Duffie told the board the state Department on Education will provide the district with advice, based on the level of support needed, to address academic problems.

Hodges said the district is working to improve its discipline rates.

“We realize we do have some discipline issues. We are working on how to address some of the behavioral issues we are seeing,” Hodges said.

Jacksonville High School graduated 194 students, with 24 honor grads, last year. They earned $2.4 million in scholarship offers and their average ACT score was 16.9.

Hodges also presented the board with the annual report by Dr. Tiffany Bone, assistant superintendent for secondary curriculum, student services and desegregation. Bone, who is the district’s second in command, attended the meeting but was suffering from laryngitis so had trouble speaking.


JNPSD is adopting the Second Step Social and Emotional Learning program, which can help students develop “skills for learning, empathy, emotion management, friendship skills and problem solving,” according to

Phonics First and Eureka Math are also new initiatives the district is beginning that may help improve discipline, Hodges said.

Duffie presented his annual superintendent’s report beginning with current student enrollment is 3,875, eight fewer than last year.

Of the ACT Aspire scores, the state’s standardized test, Duffie said, “There’s definitely opportunities for growth using strategies Mr. Hodges talked out,” Duffie said.

“So far, all is well,” he said about the district’s finances, noting that payroll increased $300,000 since last year.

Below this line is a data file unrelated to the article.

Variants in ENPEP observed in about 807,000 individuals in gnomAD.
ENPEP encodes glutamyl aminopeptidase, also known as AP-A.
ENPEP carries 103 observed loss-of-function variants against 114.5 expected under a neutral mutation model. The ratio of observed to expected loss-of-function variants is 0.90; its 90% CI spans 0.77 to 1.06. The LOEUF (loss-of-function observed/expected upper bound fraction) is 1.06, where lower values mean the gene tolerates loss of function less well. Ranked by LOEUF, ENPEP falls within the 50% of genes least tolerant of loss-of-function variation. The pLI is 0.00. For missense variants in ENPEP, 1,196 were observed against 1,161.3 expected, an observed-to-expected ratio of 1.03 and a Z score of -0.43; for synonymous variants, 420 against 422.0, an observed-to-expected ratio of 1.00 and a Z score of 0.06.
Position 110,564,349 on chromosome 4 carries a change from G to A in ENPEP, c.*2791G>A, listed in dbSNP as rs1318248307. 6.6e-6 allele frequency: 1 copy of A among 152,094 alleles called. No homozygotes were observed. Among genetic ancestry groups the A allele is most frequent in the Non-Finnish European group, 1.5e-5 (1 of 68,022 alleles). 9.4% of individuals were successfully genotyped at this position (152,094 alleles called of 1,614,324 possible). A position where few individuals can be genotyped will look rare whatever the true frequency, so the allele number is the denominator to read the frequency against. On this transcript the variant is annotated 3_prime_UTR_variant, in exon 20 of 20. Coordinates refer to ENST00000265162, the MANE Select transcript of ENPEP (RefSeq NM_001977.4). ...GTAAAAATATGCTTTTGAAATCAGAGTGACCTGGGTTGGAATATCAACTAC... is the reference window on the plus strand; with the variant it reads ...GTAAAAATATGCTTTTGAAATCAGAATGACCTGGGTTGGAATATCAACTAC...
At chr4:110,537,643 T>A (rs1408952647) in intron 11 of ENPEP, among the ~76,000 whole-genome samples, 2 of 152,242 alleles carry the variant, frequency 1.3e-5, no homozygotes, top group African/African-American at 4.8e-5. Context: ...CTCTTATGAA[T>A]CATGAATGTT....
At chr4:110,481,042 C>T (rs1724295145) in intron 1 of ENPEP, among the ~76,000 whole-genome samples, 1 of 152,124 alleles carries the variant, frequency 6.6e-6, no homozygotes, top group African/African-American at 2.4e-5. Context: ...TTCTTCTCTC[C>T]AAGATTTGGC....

Duffie proposed promoting the district’s events and programs by either hiring a full-time employee to work on public relations or by hiring a marketing firm.

Board members favored having an in-house employee manage those responsibilities. No action was taken.

Amy Arnone is executive assistant to the superintendent and school board and handles the district’s public relations as well.

Cabot School District and the Pulaski County Special School District have directors of communication.


At the end of the meeting, the school board approved 10 expulsions for the remainder of the school year. The students will not be allowed to return until August, when the 2018-19 school year begins, and will be given probation for a year.

The board lengthened three of the expulsions that had been recommended by school officials to be until January, but the board unanimously voted to extend the term of the punishment through the remainder of the school year. At least one incident was reported to police and a school employee was struck by a student in another.

In other business, the board unanimously rejected one transfer request to attend school in Vilonia, and another other to attend school in Cabot was rejected 6-1.

Board member Jim Moore was unanimously approved to be liaison to the Arkansas School Boards Association.

The board unanimously approved a plan to sell its unwanted electronics.

The board unanimously voted to hold its next election in May, declining to hold a November election.

The board unanimously accepted several resignations.

Three members of Murrell Taylor Elementary School choir group, the Titan Trebles, sang “We the People,” a song about the Constitution, at the start of the meeting.